Marriages in United Methodist chapels

Until 1837, all marriages (except those involving Quakers and Jews) had to take place in the parish church and according to the rites of the Church of England.

The 1836 Marriage Act made provision for the registration, for the solemnization of marriages, of any building certified as a place of religious worship, as from 1 July 1837.A registrar of marriages had to attend and register the marriage. To give non-conformist bodies the same rights as enjoyed by the Established Church, Quakers and Jews, the Marriage Act 1898 provided for the appointment (by the governing body of a registered building) of an authorised person in whose presence the marriage had to be solemnized and by whom it had to be registered.

The United Methodist Free Churches registered their chapels from the start, and The Methodist New Connexion and the Bible Christians also took advantage of the legislation.

By 1867 the differences between the three denominations were apparent. The Methodist New Connexion provided their members with the greatest proportion of its chapels being registered for marriages: 85 out of 261. The United Methodist Free Churches had 190 chapels registered for marriages out of a total of 817. The Bible Christian member wishing to make their vows in a sacred setting had least choice: only 42 chapels out of 417 provided this option.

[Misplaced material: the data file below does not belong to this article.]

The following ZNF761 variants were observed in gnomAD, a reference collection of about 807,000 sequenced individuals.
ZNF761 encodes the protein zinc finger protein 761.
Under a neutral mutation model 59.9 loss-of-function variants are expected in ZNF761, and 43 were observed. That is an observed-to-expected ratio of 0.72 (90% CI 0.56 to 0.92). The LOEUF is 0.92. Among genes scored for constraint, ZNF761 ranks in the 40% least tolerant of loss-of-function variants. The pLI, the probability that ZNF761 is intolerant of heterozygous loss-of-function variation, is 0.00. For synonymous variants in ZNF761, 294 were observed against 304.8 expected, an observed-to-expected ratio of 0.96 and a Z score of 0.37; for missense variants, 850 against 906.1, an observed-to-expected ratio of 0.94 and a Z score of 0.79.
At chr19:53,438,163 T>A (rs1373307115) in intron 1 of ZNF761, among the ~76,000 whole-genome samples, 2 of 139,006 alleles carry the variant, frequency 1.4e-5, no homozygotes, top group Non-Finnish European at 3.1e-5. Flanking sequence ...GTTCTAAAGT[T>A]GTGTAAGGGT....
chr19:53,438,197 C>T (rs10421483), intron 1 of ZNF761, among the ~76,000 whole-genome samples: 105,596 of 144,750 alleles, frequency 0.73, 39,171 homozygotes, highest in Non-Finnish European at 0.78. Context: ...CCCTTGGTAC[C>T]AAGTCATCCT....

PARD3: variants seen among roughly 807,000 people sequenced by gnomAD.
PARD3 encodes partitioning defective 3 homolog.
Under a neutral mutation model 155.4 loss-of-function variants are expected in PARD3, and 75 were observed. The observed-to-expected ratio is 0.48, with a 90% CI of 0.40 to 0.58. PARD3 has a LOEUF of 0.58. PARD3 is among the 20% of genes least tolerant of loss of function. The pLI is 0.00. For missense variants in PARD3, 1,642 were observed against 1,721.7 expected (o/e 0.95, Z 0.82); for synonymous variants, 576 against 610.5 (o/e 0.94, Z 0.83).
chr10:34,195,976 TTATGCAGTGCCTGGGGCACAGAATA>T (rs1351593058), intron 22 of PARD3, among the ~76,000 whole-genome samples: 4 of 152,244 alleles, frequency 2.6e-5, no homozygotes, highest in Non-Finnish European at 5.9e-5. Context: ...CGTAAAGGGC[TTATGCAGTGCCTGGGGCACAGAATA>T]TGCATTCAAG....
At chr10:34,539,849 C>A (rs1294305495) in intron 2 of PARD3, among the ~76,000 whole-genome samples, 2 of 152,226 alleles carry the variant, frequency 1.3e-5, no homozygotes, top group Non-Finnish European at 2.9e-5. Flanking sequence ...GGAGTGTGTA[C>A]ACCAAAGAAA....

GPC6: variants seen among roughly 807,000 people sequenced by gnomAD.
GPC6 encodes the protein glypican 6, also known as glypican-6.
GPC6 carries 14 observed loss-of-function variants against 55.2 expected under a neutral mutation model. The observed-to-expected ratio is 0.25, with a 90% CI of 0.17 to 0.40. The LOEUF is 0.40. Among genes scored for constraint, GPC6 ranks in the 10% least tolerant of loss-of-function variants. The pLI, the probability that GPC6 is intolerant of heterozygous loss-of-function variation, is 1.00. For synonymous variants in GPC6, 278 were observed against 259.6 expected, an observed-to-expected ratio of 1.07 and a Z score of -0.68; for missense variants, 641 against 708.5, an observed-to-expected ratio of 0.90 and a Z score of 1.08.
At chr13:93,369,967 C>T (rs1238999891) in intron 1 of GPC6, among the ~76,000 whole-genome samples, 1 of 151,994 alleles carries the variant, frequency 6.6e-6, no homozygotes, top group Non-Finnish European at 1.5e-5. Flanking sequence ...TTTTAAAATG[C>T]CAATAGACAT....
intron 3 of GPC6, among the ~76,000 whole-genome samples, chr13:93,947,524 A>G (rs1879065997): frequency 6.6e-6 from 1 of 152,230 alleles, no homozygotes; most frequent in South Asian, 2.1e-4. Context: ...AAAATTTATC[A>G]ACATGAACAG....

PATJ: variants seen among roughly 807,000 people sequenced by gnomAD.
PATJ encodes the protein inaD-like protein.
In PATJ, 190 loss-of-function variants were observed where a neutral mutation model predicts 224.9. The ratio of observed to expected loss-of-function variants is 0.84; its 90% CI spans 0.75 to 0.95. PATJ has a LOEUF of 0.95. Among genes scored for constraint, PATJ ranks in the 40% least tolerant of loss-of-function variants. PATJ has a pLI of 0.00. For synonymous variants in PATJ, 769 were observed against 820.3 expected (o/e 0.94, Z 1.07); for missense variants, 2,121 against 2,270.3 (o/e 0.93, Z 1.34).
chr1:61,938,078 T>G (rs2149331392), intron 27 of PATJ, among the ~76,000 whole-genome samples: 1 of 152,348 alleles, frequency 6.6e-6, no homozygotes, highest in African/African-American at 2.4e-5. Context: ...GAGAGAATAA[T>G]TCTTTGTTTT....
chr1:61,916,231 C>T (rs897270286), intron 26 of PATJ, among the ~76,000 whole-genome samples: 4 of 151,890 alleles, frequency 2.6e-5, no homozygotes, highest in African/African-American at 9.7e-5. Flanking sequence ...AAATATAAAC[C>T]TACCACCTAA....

By the end of 1899 not only did the three denominations have more chapels, but the proportion offering marriages had also increased. There had been a low take-up of the opportunity for ministers to replace registrars however. The Methodist New Connexion had now registered 303 out of 575 chapels for marriage before a registrar, and 53 for marriages conducted by a minister. The figures for the United Methodist Free Churches were 533 out of 1386, and 91. The Bible Christians were able to marry in 149 of their 622 chapels, but they appear not to have made use of the new legislation.

If you are looking for a marriage which took place in a United Methodist chapel (or one of the denominations who combined to form the church in 1907) you will find the
register either in the care of the local minister or in the local County Record Office. You can also find a full record of the marriage in the General Registry Office, and may find it easier to obtain a copy from there. In either case, a fee is required for a copy of the entry. Unlike baptisms or burials, marriage is a legal ceremony, with the minister acting on behalf of the state, so the records belong to the state.

Sources:

Thirtieth Annual report of the registrar-general (1867) BPP 1868-69 XVI (4146) viii
Accessed 19 June 2020 http://www.histpop.org/ohpr/servlet/PageBrowser?path=Browse/Registrar%20General%20(by%20date)&active=yes&mno=493&tocstate=expandnew&display=sections&display=tables&display=pagetitles&pageseq=12

Sixty-second Annual report of the registrar-general (1899) BPP 1900 XV [Cd.323] lix Accessed 19 June 2020 http://www.histpop.org/ohpr/servlet/PageBrowser?path=Browse/Registrar%20General%20(by%20date)&active=yes&mno=525&tocstate=expandnew&display=sections&display=tables&display=pagetitles&pageseq=59&zoom=3

David M. Chapman, Born in Song: Methodist Worship in Britain (Church in the Market Place Publications, 2006), Chapter 8 ‘The Solemnisation of Christian Marriage’, pp. 197-217

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